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Future Development

The language described in this chapter is not ideally meant to be manipulated or looked at by humans. The language was designed as an intermediary protocol for storage of the hierarchies. A major part of the future development of this system is creating a graphical interface to the synthesis language. Since this system treats the parameters of all levels of the sound in the same manner, the graphical interface has to be able to represent the hierarchical structures in sound as well as in the music domain. Once such an interface is created, it will become possible to create a library of sound and musical structures which could be used by other scores.

There are other features in the method which we have used for creation of Morphosis; however, due to their experimental nature they have not been explained here. The basic idea behind these features is to define some linear operations which will be applied to the different synthesis parameters for the duration of the cell. For example, the frequency factor in all the presented examples stayed constant for the duration of every cell. One can imagine a frequency envelope which could be applied to the frequency value of every cell. The parameters for the frequency envelope would themselves go through the system's development process.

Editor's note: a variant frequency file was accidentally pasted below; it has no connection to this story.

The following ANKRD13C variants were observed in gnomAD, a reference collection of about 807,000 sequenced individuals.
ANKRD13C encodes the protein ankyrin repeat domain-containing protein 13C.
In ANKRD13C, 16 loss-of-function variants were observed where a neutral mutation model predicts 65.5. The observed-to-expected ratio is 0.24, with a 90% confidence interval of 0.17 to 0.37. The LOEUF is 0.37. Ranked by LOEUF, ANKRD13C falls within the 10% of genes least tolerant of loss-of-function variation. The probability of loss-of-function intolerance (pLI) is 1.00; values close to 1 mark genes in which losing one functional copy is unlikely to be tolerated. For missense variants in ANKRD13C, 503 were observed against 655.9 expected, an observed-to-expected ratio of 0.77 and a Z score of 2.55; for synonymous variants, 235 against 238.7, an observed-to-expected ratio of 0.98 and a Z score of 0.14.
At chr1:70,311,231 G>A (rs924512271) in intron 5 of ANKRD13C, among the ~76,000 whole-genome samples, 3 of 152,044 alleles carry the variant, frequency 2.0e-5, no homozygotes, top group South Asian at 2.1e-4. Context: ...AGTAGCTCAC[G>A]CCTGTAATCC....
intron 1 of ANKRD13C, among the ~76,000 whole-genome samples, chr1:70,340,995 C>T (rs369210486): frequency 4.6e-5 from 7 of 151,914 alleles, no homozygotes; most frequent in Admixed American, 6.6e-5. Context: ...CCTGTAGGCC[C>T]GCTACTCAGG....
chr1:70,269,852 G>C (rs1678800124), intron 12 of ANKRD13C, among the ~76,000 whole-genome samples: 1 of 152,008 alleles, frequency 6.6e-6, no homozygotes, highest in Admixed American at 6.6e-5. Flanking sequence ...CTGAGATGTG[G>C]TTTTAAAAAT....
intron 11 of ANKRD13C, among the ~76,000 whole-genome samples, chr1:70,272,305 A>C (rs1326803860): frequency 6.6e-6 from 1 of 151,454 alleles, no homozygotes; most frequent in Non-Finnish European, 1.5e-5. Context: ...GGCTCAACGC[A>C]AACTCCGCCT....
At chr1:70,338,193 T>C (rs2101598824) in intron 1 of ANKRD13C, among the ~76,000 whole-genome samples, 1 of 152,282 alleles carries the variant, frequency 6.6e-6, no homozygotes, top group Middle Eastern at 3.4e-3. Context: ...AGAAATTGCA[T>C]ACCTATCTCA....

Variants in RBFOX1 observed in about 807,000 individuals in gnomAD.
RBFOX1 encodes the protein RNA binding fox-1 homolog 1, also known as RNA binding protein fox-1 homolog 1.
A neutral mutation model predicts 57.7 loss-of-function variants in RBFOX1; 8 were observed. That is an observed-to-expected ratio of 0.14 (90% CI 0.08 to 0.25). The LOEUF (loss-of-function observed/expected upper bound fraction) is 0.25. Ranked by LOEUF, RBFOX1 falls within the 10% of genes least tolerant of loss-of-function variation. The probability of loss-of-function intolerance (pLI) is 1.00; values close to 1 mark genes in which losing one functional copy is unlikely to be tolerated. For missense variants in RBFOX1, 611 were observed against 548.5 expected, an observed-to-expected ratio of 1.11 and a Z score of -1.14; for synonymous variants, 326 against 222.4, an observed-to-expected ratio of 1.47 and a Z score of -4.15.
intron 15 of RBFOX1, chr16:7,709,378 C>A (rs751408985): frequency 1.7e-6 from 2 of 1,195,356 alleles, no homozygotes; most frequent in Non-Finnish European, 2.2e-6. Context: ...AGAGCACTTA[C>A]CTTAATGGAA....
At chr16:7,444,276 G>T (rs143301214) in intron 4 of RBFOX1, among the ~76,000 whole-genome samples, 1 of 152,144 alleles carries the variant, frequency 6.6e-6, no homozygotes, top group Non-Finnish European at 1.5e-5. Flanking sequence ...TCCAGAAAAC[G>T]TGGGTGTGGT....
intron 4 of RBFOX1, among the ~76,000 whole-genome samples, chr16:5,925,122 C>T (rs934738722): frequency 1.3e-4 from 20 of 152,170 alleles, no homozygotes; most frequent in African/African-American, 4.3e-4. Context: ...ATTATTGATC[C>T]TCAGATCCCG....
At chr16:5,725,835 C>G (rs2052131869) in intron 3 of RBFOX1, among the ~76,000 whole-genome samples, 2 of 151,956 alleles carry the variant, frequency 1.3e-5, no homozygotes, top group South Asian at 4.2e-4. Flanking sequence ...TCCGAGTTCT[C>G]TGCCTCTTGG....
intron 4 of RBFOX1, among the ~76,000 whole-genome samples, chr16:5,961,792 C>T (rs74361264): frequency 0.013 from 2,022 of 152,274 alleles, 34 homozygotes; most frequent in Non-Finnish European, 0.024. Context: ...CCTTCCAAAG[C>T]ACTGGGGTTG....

Currently all the development processes in the system are deterministic. Even though adding random elements may have seemed to be an interesting addition to the features of the system, we believed that they would create paths of development which would be hard to understand. However, once the current state of the system is better understood, the system could be used for organizing chance operations, and perhaps adding some flavor of a $ 1/f $ process would in fact enrich the system.

It is easy to create self-similar structures; however, not every self-similar structure is musically interesting. In fact, most of the presented examples have been arrived at after many hours of searching and tuning. At first, the behavior of the system seemed very erratic the reason being that it performs massive amounts of related operations on the initial structures. Most parameters can take on different roles at the same time. For example, consider the parameter for time segmentation. When we apply a ``window'' to every cell, the shape of this ``window'' is scaled to fit the duration of the cell. Thus, the frequency in which the window is played in every cell is inversely proportional to the duration of the cell. Therefore, the time segmentation factor defines a plexus of time-frequency relationships. The frequency factor can also act as two different agents as well. When we define a frequency factor in the low frequency region (e.g., 0.1 to 2 Hz) depending on the shape of our lookup ``table'', this factor can actually behave as an amplitude window. For example, the shape of a sinusoid at the frequency of 0.25 Hz and phase of zero can act as a fade-in structure in a cell whose duration is 1 second. Thus, small changes to the initial conditions could result in drastic perceptual differences. This situation can best be thought of as the ``Butterfly Effect'' which is described by Glieck as[14, page 8]:

In weather, for example, this translates into what is half-jokingly known as the Butterfly Effect -- the notion that a butterfly stirring the air today in Peking can transform storm systems next month in New York.
Sensitivity to initial conditions is a characteristic of chaotic systems.